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A friend reminded me this week that it will very shortly be time to embark on that annual frenzy of gift-buying that we in America have somehow attached to Christmas. She did so not with a card, or a phoned complaint about the merchants' rush to get their decorations up early and their sales started, but with a clip torn from the Washington Post's Style section.

"Child Labor Debate," said the article on one side of the page. "Putting an End to Sweatshops," was the headline on the other side. The two stories were accompanied by the usual wrenching pictures of young children at work.

The writers pointed out that a large and ever-growing proportion of those millions of gifts we will buy this holiday season are made in other countries by children who work incredibly long hours for shockingly low pay.

The International Labor Organization estimates that between 100 million and 200 million such children labor around the world to make our shoes, our baseballs and soccer balls, our shirts and dresses. Quite often, the desperately poor parents who sold these children into virtual slavery are doing the same sort of work nearby, for wages almost as low. Most of the groups working to end child labor believe that American buying habits can have a huge effect. In Bangladesh, for instance, rumors that the United States would soon stop importing products made by children were so worrisome to local manufacturers that over half the youngest workers were fired in a year. That had other consequences not foreseen by the critics, but it did demonstrate the power of American dollars.

But what does an ordinary, harried American, concerned as he or she may be, do as a practical matter? Christmas gift-buying is already complicated enough, what with checking for safety standards on toys for young kids, and violence/sex ratings for movies and computer games, and so forth. There isn't yet a similar, easy-to-find, easy-to-read label that tells whether a toy or a T-shirt is "human rights friendly."

Several groups are working on such an identifying mark, including a White House Apparel Industry Partnership, involving labor, religious and industry representatives. One program has already been set up in India and Nepal to establish a certifying label for carpets, called "Rugmark." But no one's gotten very far on other products. Still, it isn't that hard to add this to your mental screening system.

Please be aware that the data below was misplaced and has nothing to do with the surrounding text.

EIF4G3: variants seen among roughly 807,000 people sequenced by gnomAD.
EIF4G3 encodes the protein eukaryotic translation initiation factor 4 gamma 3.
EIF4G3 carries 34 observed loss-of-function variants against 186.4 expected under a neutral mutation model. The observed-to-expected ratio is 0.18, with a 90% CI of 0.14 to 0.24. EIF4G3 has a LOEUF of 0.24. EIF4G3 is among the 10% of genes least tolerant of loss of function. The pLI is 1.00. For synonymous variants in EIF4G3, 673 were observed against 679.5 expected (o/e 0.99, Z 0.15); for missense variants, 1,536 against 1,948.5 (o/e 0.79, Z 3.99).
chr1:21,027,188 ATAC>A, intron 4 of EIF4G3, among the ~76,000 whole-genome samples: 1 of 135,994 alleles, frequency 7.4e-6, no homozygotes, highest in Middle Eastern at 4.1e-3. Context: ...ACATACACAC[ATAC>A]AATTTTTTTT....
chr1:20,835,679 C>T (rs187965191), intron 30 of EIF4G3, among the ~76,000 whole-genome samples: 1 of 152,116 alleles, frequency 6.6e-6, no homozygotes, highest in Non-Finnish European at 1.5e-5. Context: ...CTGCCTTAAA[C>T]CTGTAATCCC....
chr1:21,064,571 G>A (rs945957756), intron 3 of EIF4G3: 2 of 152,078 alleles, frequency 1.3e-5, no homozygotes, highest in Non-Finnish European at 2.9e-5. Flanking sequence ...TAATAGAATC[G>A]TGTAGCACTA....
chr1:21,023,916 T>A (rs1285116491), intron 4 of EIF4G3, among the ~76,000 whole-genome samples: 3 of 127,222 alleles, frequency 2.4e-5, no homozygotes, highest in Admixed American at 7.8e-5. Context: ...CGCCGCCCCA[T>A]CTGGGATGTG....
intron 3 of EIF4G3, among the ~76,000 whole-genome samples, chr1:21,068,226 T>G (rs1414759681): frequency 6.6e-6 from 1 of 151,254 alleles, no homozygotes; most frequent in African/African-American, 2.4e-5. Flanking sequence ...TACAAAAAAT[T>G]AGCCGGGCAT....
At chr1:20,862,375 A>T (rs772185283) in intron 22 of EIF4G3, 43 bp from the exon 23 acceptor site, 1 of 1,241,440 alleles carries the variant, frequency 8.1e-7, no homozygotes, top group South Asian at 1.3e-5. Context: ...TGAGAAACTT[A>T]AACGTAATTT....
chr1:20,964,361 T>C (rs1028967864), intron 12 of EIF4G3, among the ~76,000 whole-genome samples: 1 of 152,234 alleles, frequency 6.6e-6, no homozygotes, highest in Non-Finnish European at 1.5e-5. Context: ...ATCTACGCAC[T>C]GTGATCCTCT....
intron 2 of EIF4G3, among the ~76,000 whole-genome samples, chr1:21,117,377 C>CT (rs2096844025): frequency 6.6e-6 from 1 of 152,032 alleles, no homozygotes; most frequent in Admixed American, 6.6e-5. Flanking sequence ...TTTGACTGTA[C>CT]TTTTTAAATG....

A number of large companies have already established "No Child Labor" policies for their overseas suppliers. The best of them, including Reebok and Levi Strauss, also have active systems to make sure their suppliers live up to the policy, which not incidentally includes provisions requiring fair wages and working conditions for adult workers.

Other companies such as J.C. Penny, Sears and Federated Department Stores, which runs Stern's and Macy's, have policies, but no formal way to enforce them. Still other companies have no policies at all.

Lists can be found on the Internet or by mail from the National Consumers League (1701 K St. N.W., Suite 1200, Washington, DC 20006) or the Council on Economic Priorities (30 Irving Place, New York, NY 10003). The U.S. Dept. of Labor has a substantial "No Sweat" campaign to wipe out sweatshops, including the child labor often found in such places. It also will furnish a list of complying companies.

But the easiest way for the individual buyer to make an impact, most of these groups agree, is simply to ask questions. When you are thinking about buying a toy, or a dress, ask the salesperson if his/her store has an anti-child labor purchasing policy, and if so, how it is monitored. The salesclerk may not have much of an answer at first, but the message will get through to the managers. An occasional letter to company headquarters doesn't hurt, either.

With just a little effort, we can remind the people we buy our goods from that Christmas is a time for children to enjoy, not work.

King Features Syndicate

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